SAFE’s Aviation Education Scholarships Help Ensure GA’s Future

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The purpose of this grant application was to purchase Guillow balsa wood models representing different general aviation aircraft designs. The models were to provide the students with experience reading construction plans. Few students have experience building something from plans. In fact, the closest most students get to constructing from plans is assembling IKEA furniture.

The models met and exceeded this goal. Not only did the students’ ability to read plans improve, but the models exposed the students to construction techniques similar to the ones they use in the construction of the real aircraft we are building in our school shop. This sped up our construction timeline and reduced frustration levels (both mine and theirs). The students learned to enjoy taking their time to create an aircraft part that displayed fine craftsmanship instead of rushing to complete something that only needed to be redone as a result. Also, model components such as a spar, longeron or firewall transferred directly over to our aircraft projects and to other topics we covered as well.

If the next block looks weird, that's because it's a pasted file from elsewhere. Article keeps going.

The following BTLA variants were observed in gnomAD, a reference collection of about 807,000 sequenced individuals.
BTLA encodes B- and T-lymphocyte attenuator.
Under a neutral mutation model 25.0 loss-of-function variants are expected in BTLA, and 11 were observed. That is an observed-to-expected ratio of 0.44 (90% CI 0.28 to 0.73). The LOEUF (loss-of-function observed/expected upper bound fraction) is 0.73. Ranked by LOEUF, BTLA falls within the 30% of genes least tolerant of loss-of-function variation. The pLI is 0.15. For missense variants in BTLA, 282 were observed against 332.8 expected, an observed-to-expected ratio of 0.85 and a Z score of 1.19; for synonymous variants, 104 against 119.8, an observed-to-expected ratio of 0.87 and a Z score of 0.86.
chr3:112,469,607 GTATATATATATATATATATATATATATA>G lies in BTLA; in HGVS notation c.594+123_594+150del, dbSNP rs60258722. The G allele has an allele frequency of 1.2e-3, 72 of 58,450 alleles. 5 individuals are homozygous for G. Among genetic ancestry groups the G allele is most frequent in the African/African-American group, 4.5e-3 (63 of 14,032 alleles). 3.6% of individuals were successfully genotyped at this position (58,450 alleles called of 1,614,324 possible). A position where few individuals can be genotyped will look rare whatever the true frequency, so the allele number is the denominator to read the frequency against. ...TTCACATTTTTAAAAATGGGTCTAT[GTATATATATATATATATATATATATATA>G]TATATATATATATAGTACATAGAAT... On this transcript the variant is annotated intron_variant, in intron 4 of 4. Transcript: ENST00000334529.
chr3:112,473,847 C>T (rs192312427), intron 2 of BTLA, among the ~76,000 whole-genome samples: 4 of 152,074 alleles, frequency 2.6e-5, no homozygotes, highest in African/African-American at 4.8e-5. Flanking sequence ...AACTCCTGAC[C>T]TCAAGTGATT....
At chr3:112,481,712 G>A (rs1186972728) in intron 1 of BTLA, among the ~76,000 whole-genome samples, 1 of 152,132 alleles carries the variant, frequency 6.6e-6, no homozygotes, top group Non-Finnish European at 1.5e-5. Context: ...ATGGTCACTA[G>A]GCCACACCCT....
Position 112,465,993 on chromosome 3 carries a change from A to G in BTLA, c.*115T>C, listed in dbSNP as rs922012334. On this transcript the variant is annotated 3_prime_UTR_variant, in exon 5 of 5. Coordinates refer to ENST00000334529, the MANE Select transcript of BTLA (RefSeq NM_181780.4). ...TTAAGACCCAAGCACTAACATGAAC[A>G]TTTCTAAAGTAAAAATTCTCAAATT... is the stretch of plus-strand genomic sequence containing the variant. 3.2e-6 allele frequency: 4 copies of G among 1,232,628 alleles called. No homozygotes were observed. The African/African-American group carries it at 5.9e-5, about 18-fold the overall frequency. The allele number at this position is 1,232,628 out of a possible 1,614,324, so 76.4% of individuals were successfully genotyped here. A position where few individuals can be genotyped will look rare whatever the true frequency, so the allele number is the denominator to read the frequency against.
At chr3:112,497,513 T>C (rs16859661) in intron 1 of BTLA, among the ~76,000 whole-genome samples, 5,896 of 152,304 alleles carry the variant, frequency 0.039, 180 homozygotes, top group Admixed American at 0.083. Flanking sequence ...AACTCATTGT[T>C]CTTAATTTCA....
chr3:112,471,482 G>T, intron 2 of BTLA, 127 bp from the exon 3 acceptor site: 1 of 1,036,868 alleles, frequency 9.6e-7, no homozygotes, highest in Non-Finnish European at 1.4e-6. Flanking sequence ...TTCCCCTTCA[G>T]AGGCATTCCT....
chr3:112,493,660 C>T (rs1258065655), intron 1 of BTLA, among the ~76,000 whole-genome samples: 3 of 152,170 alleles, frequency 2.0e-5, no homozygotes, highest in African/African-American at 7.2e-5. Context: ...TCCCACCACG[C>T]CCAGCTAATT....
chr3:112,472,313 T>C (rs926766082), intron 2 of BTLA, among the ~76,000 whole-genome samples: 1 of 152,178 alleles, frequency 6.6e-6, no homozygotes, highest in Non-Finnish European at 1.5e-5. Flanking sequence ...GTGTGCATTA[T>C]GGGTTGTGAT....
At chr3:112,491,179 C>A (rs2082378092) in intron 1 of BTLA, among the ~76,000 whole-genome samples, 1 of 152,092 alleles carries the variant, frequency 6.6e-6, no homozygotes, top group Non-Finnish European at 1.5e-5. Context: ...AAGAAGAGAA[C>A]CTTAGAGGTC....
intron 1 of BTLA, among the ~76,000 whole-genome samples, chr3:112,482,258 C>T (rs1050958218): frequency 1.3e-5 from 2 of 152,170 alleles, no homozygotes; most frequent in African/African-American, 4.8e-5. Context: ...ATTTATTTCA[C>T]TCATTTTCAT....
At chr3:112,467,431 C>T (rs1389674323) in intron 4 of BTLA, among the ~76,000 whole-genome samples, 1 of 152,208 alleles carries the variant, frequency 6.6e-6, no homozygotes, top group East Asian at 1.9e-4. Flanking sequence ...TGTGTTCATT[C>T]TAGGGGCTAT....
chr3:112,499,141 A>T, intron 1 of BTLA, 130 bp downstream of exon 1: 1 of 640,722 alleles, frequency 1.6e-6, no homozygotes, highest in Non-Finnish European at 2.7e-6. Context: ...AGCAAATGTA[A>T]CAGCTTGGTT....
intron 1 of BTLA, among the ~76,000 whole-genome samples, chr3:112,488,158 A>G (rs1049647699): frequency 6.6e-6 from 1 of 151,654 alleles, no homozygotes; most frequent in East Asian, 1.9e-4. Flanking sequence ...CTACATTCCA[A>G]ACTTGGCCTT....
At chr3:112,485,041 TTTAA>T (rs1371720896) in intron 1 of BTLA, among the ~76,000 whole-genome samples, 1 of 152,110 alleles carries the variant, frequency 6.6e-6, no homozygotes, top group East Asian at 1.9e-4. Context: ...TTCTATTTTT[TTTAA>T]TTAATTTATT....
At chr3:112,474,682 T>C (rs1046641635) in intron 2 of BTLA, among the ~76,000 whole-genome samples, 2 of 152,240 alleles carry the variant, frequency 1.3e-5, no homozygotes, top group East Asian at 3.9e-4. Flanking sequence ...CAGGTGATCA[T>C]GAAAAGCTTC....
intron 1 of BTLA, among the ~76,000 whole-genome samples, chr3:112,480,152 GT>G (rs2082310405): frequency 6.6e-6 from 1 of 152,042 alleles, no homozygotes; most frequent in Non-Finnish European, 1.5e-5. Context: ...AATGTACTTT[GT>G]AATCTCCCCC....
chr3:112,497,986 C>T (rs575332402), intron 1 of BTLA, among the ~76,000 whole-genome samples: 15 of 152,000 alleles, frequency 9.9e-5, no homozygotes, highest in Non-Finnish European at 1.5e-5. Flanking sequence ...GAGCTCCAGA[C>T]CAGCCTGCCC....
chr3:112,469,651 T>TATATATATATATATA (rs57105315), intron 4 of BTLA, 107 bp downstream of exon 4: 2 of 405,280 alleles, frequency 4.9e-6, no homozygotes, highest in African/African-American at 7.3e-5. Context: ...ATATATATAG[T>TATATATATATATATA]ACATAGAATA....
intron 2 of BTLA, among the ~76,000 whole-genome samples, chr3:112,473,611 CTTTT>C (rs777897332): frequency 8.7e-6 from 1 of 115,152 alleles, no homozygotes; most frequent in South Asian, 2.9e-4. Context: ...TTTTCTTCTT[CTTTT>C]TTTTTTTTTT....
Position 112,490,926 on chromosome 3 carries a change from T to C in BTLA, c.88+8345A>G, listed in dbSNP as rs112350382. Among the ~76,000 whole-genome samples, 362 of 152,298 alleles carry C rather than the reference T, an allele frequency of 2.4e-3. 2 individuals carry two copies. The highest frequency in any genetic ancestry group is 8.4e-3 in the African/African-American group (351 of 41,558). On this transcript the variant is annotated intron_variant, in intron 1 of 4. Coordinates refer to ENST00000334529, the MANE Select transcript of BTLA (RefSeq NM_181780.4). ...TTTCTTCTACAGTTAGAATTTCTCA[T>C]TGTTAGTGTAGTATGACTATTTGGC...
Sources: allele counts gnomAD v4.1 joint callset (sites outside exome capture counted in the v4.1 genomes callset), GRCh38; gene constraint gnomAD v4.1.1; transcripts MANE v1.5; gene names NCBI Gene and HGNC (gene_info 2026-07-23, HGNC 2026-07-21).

Finally, the models provided the students with three dimensional examples of popular training aircraft that the students were learning to represent in aircraft design software. This allowed the students compare their computer model with something they didn’t previously have any knowledge of. They didn’t have to ask me, “Does this look right?”I will definitely repeat this project next year. The students and I both felt the outcomes of the project outweighed the financial and class time costs.”

Flight Instructor Bob Hoover Praised, Thanked  SAFE Says We Should All Be Like Bob!